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Emblem and Icon in John Donne's Poetry and Prose

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Clayton G. MacKenzie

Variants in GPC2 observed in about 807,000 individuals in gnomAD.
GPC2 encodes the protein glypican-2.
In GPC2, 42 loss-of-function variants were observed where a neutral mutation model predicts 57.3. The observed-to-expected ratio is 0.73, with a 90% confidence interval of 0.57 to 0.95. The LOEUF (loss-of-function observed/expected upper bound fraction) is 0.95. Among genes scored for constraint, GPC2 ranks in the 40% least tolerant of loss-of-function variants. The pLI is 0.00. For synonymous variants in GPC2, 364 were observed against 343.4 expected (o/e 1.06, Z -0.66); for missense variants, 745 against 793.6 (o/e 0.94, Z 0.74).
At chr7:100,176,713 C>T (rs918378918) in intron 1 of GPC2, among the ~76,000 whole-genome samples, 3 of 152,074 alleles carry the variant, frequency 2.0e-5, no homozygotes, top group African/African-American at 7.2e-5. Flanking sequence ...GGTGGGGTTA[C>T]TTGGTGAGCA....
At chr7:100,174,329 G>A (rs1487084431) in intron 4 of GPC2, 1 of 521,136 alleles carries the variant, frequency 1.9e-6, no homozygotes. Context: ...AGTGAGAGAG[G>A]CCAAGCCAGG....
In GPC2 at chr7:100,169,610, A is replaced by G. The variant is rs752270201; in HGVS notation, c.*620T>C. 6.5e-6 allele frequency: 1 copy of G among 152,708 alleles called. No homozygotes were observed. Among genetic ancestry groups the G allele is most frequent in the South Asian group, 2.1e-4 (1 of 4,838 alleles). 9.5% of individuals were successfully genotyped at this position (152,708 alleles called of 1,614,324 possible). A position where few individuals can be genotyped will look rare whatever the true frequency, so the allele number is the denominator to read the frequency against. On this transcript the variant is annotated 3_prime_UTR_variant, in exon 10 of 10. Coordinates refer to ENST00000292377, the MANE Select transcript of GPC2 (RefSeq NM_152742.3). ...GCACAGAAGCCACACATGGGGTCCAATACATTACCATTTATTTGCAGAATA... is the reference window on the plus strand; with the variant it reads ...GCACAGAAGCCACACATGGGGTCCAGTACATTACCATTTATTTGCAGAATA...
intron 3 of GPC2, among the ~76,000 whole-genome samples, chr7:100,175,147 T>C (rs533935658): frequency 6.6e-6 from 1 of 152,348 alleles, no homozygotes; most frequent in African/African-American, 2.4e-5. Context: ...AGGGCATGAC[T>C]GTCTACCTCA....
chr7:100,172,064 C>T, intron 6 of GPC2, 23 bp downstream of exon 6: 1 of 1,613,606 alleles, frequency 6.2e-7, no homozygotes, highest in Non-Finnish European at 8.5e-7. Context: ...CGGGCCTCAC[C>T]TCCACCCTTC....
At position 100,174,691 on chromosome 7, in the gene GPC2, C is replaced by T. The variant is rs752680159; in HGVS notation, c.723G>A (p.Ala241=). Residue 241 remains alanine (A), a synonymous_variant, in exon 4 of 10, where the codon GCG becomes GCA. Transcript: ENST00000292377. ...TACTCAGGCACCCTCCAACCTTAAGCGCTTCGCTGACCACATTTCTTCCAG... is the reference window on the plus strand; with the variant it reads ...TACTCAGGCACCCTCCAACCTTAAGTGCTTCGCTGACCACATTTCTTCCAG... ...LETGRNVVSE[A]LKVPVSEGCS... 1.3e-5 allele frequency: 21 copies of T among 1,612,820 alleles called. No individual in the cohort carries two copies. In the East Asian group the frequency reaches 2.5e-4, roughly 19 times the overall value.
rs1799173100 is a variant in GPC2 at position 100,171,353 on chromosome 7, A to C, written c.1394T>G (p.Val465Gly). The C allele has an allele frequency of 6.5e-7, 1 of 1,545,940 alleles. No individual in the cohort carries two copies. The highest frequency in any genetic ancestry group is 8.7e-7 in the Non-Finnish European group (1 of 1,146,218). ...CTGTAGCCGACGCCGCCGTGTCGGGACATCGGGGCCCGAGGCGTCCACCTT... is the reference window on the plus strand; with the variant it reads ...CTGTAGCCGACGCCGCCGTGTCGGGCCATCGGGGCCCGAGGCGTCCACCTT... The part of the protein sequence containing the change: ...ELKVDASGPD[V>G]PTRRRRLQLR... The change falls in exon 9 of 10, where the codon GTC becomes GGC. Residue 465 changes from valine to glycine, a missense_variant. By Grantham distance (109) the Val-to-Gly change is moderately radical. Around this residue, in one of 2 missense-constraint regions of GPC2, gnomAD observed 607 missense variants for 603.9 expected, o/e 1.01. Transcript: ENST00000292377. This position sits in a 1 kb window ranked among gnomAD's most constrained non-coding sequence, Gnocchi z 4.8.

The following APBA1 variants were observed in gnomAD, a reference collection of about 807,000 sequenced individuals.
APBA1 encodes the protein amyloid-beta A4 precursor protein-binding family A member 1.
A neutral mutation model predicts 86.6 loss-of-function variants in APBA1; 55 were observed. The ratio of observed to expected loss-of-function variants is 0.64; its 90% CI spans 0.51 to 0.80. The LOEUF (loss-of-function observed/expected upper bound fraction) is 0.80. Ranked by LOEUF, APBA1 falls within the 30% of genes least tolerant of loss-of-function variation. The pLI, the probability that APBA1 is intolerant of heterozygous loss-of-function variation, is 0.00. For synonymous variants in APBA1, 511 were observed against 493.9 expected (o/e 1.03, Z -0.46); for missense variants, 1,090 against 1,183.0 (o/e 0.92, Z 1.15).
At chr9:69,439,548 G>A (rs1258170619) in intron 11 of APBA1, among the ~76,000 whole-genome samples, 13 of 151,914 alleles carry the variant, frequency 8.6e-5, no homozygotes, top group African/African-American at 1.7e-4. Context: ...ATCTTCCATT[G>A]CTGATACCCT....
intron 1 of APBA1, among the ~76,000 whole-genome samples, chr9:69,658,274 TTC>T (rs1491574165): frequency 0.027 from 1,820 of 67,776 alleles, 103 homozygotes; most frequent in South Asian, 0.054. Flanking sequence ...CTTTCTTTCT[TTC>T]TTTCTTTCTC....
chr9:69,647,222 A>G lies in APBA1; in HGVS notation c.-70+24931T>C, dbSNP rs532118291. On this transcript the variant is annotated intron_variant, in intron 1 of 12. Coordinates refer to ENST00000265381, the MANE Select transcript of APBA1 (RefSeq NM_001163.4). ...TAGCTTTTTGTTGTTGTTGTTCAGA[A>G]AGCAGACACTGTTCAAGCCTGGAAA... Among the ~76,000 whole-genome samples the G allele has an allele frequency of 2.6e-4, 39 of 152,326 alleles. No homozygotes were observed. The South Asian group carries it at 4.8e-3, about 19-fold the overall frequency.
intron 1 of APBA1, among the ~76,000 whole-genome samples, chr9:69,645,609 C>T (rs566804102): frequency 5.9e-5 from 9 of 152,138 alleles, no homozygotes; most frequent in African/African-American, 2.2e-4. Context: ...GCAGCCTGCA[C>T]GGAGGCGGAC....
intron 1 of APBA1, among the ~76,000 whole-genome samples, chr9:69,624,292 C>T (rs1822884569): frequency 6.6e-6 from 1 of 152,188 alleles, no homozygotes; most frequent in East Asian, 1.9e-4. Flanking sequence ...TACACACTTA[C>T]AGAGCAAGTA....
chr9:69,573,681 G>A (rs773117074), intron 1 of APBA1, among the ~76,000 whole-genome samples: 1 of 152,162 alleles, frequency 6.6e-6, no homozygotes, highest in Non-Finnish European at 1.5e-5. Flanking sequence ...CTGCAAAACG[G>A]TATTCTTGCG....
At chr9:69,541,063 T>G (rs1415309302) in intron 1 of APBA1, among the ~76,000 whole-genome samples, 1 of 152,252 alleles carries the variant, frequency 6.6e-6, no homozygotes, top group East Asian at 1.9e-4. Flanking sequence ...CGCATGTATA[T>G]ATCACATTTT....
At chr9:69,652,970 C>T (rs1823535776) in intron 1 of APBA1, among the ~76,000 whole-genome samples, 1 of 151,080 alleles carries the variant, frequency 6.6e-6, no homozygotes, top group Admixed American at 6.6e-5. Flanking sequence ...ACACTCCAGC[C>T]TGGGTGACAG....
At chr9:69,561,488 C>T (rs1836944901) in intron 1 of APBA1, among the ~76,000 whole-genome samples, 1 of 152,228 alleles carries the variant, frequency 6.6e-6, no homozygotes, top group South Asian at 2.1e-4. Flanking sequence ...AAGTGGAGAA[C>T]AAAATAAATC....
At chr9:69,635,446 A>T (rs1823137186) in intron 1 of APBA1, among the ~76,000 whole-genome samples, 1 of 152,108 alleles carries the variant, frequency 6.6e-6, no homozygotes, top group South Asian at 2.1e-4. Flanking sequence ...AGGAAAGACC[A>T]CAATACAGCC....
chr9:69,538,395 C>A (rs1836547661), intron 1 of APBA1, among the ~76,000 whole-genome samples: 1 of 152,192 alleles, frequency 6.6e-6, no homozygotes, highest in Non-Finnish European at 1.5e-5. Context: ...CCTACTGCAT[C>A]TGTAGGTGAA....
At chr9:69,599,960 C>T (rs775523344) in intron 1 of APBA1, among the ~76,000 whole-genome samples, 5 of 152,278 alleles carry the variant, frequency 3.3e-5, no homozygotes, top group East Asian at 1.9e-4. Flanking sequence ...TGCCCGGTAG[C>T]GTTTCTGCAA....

Few literary lives have navigated the perimeters of success and misfortune as boldly as did that of John Donne. The tensions within his work are sometimes viewed as the outcomes of shifting directions in his personal circumstances and beliefs. In addressing Donne’s supposedly radical idiosyncrasies, commentators have often either omitted or underplayed discussion of the ambiguities inherent in the art and literature of early modern culture itself. The tensile, even contradictory, qualities of Donne’s writing may have reflected as much the ambiguous texture of the artistic society around him as they did the tumult of his own psyche. This book explores the correspondences between the iconic and emblematic currents of the age and Donne’s poetry and prose. Through close readings of Elizabethan, Jacobean, and Carolean signs and sign systems, coupled with a cogent attention to historical context, Clayton G. MacKenzie seeks to demonstrate the quality and intention of some of Donne’s literary designs.